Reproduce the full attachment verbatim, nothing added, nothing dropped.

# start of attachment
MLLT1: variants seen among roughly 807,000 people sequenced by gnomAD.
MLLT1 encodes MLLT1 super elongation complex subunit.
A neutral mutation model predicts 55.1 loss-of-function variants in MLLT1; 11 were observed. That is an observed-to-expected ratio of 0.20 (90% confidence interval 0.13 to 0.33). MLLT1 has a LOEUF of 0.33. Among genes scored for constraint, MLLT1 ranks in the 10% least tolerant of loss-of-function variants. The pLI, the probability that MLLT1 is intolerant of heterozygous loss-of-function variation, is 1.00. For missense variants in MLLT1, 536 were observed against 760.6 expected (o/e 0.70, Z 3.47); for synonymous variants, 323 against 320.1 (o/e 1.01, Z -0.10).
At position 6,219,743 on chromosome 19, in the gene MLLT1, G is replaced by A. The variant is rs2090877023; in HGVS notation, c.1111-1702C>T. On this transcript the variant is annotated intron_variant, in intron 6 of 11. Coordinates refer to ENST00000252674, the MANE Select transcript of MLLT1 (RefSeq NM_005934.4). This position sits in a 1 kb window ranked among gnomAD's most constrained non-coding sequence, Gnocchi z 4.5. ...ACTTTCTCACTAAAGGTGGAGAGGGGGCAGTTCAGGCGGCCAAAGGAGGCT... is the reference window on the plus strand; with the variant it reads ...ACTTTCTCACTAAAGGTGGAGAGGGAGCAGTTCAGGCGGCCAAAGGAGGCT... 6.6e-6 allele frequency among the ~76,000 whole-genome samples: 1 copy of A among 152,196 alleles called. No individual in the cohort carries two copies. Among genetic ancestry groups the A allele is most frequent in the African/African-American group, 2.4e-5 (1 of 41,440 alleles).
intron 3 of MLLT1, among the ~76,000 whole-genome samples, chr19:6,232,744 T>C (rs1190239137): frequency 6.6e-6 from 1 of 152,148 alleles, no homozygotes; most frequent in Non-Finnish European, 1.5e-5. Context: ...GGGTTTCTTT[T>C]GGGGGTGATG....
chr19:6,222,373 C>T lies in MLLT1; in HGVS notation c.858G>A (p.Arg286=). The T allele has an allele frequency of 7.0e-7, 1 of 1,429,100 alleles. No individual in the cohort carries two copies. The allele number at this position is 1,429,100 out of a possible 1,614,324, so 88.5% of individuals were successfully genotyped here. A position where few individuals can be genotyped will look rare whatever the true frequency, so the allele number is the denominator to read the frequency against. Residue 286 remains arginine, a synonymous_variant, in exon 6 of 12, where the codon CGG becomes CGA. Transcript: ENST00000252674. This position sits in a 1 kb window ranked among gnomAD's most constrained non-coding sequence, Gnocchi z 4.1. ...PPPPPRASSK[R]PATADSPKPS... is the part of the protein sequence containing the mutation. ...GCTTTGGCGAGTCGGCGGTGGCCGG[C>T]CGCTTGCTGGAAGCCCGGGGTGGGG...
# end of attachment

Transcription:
MLLT1: variants seen among roughly 807,000 people sequenced by gnomAD.
MLLT1 encodes MLLT1 super elongation complex subunit.
A neutral mutation model predicts 55.1 loss-of-function variants in MLLT1; 11 were observed. That is an observed-to-expected ratio of 0.20 (90% confidence interval 0.13 to 0.33). MLLT1 has a LOEUF of 0.33. Among genes scored for constraint, MLLT1 ranks in the 10% least tolerant of loss-of-function variants. The pLI, the probability that MLLT1 is intolerant of heterozygous loss-of-function variation, is 1.00. For missense variants in MLLT1, 536 were observed against 760.6 expected (o/e 0.70, Z 3.47); for synonymous variants, 323 against 320.1 (o/e 1.01, Z -0.10).
At position 6,219,743 on chromosome 19, in the gene MLLT1, G is replaced by A. The variant is rs2090877023; in HGVS notation, c.1111-1702C>T. On this transcript the variant is annotated intron_variant, in intron 6 of 11. Coordinates refer to ENST00000252674, the MANE Select transcript of MLLT1 (RefSeq NM_005934.4). This position sits in a 1 kb window ranked among gnomAD's most constrained non-coding sequence, Gnocchi z 4.5. ...ACTTTCTCACTAAAGGTGGAGAGGGGGCAGTTCAGGCGGCCAAAGGAGGCT... is the reference window on the plus strand; with the variant it reads ...ACTTTCTCACTAAAGGTGGAGAGGGAGCAGTTCAGGCGGCCAAAGGAGGCT... 6.6e-6 allele frequency among the ~76,000 whole-genome samples: 1 copy of A among 152,196 alleles called. No individual in the cohort carries two copies. Among genetic ancestry groups the A allele is most frequent in the African/African-American group, 2.4e-5 (1 of 41,440 alleles).
intron 3 of MLLT1, among the ~76,000 whole-genome samples, chr19:6,232,744 T>C (rs1190239137): frequency 6.6e-6 from 1 of 152,148 alleles, no homozygotes; most frequent in Non-Finnish European, 1.5e-5. Context: ...GGGTTTCTTT[T>C]GGGGGTGATG....
chr19:6,222,373 C>T lies in MLLT1; in HGVS notation c.858G>A (p.Arg286=). The T allele has an allele frequency of 7.0e-7, 1 of 1,429,100 alleles. No individual in the cohort carries two copies. The allele number at this position is 1,429,100 out of a possible 1,614,324, so 88.5% of individuals were successfully genotyped here. A position where few individuals can be genotyped will look rare whatever the true frequency, so the allele number is the denominator to read the frequency against. Residue 286 remains arginine, a synonymous_variant, in exon 6 of 12, where the codon CGG becomes CGA. Transcript: ENST00000252674. This position sits in a 1 kb window ranked among gnomAD's most constrained non-coding sequence, Gnocchi z 4.1. ...PPPPPRASSK[R]PATADSPKPS... is the part of the protein sequence containing the mutation. ...GCTTTGGCGAGTCGGCGGTGGCCGG[C>T]CGCTTGCTGGAAGCCCGGGGTGGGG...